It's no secret that during the last decade or so, most of the advanced ECM label releases all came from American jazzmen. Michael Formanek, Tim Berne and Craig Taborn are all among the label's forefront artists, always bringing some fresh air to the well refurbished ECM museum of chamber jazz.
Veteran drummer Billy Hart is another label newcomer. He has played with Pharoah Sanders, Herbie Hancock(1969-73), McCoy Tyner,and was Miles Davis' drummer on "On The Corner". Dave Holland, Eddie Henderson, Oliver Lake, Hannibal Marvin Peterson, Don Pullen and Dewey Redman all played on Hart's solo debut in 1977. With this sort of background, it would not seem that his energetic free, or even sometimes rock-influenced playing would have anything in common with the drier ECM aesthetics.
Two years ago, when Hart's long lasting project (Billy Hart Quartet), with pianist Ethan Iverson, bassist Ben Street and sax player Mark Turner, released their debut on ECM, it looked like the label was just trying to improve upon their successful American artists team. A well-balanced, but sometimes directionless post-bop effort, "All Our Reasons" didn't become a sensation.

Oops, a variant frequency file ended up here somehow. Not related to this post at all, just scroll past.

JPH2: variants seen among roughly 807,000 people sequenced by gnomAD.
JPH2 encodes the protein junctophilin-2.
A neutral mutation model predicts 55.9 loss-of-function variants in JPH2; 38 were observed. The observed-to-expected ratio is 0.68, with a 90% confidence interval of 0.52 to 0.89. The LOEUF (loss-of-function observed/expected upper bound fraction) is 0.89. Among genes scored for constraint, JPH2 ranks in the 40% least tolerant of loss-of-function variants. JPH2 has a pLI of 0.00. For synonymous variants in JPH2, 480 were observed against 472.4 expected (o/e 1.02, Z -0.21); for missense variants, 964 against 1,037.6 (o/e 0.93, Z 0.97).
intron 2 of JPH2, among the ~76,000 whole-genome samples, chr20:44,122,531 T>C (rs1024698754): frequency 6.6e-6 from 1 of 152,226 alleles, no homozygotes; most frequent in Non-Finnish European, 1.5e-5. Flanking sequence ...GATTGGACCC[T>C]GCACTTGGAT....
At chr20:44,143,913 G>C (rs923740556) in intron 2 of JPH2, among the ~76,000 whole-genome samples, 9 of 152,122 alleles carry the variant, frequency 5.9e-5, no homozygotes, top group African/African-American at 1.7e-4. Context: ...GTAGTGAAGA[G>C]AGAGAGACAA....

Now, two years later, "One Is the Other" continues the line of its predecessor, but it's an improved one. One can't find memorable songs or unusual moves here, but on the plus side, an almost telepathic relation between all the quartet's members, plus quite complex and even quirky compositions, groovy, bluesy (at least for ECM standard) sounds all make this album an attractive new release.
Placed in the ECM program somewhere in between European chamber jazz artists and the more adventurous New York "new avant-garde" musicians, Billy Hart's music is a good choice for who love the ECM sound, but are a bit bored with their too safe well-polished groove-less "classic" albums.